JD_Toims




msg:4639085
 9:51 pm on Jan 21, 2014 (gmt 0)

This seemed great but then I realized I need to be able to set a 404 or 410 for these subdomains to be able to use Webmaster Tools to ask for their removal from Google's index.

I wouldn't bother with it -- They'll disappear before too long due to the server error too.

meowattack




msg:4639092
 10:13 pm on Jan 21, 2014 (gmt 0)

Oh really? That actually makes a big difference to me because I have an economy goDaddy server where I was going to create each subdomain just for the purpose of asking Google via WMT to remove it from their index. But apparently economy accounts at goDaddy take a subdomain and redirect it like this: subdomain.example.com -> example.com/subdomain.

I don't know if Google will even recognize these as the same things if I try a verify and removal.

phranque




msg:4639136
 1:28 am on Jan 22, 2014 (gmt 0)

So if when I try to go to a subdomain like mail.example.com, my DNS had wildcards allowed, so it sends the browser to my site at goDaddy. But then is goDaddy intervening before the browser can arrive at my server and redirecting to this default.secureserver.net page?

you can use nslookup to find the IP address of a hostname.
so 'nslookup www.example.com' should resolve your HTTP server's IP address and 'nslookup mail.example.com' should resolve your SMTP server's IP address.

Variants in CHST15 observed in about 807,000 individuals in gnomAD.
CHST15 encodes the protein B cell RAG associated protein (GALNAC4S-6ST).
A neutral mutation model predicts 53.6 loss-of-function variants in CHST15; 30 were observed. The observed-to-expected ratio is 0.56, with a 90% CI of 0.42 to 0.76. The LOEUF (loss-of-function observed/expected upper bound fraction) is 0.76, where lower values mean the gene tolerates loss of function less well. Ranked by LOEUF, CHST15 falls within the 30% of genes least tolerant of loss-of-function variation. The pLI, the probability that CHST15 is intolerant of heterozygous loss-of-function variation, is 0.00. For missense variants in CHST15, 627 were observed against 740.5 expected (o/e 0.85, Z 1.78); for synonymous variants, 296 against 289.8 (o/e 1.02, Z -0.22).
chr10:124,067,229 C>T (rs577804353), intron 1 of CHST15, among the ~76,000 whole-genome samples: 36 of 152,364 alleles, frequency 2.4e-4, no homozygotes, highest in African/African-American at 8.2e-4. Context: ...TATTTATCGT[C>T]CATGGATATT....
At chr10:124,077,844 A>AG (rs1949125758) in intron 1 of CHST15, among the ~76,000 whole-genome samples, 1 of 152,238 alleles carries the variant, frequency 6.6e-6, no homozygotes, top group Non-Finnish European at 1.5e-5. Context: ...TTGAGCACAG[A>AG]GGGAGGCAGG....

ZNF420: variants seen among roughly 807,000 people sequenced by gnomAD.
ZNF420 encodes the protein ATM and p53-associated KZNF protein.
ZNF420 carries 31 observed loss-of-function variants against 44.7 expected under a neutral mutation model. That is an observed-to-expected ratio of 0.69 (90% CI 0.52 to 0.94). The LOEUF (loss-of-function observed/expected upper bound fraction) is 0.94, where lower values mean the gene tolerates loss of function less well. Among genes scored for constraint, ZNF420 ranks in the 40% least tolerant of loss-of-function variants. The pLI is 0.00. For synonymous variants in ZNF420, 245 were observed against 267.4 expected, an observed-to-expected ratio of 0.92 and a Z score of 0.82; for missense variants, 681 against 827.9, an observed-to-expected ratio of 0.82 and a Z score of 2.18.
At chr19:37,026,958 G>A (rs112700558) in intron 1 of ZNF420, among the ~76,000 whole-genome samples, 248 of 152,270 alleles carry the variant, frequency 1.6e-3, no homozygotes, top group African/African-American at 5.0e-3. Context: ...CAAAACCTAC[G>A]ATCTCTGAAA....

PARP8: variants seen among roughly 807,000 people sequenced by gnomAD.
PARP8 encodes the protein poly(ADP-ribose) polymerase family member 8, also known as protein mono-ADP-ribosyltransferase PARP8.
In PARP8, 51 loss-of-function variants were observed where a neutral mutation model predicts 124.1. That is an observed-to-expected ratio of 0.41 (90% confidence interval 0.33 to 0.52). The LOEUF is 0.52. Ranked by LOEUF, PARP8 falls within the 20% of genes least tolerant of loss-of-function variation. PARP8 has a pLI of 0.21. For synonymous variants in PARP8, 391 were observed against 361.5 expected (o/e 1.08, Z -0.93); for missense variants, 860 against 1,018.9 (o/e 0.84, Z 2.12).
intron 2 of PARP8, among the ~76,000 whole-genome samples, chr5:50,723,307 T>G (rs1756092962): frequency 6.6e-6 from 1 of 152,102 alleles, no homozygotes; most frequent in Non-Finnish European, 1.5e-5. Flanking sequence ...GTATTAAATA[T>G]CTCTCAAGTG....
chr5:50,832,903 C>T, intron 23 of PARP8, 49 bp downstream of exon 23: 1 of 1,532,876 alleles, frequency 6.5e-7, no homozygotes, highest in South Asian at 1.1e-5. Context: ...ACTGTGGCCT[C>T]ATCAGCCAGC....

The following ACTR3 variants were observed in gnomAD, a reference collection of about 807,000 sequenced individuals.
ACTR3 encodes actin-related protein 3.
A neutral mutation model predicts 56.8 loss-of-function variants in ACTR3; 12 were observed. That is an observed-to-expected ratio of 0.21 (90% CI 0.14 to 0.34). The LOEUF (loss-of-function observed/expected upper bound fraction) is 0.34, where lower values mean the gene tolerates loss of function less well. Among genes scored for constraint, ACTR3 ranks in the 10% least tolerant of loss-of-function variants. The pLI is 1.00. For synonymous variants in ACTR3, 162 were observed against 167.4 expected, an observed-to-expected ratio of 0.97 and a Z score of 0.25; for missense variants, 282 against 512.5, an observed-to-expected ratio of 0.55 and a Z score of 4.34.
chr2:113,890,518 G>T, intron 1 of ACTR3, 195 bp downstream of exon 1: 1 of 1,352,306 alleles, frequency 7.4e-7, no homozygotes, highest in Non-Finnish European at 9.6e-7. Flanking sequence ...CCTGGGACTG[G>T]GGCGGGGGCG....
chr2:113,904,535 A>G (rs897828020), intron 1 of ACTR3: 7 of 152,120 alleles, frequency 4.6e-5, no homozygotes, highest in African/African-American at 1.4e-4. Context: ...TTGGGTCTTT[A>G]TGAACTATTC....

when you make a web request for mail.example.com you get a response from the catchall virtual host on that IP address which is probably default.secureserver.net's IP address.


But apparently economy accounts at goDaddy take a subdomain and redirect it like this: subdomain.example.com -> example.com/subdomain.

I don't know if Google will even recognize these as the same things if I try a verify and removal.

it depends on whether the status code of the response is a 301 or a 302.

meowattack




msg:4639488
 12:48 am on Jan 23, 2014 (gmt 0)

Both subdomain.example.com and example.com/subdomain are returning a 301.

phranque




msg:4639493
 2:04 am on Jan 23, 2014 (gmt 0)

what Location: header is returned with those responses?

lucy24




msg:4639505
 4:46 am on Jan 23, 2014 (gmt 0)

But apparently economy accounts at goDaddy take a subdomain and redirect it like this: subdomain.example.com -> example.com/subdomain

Do you mean redirect literally? 301, 302, 30x, user-agent instructed to make a new request? Or do you just mean rewrite/proxy/alias? There's no physical way to make "subdomain.example.com", what with the lack of four-dimensional servers, so the request always gets rewritten in some way. example.com/subdomain/ is probably the most common physical setup.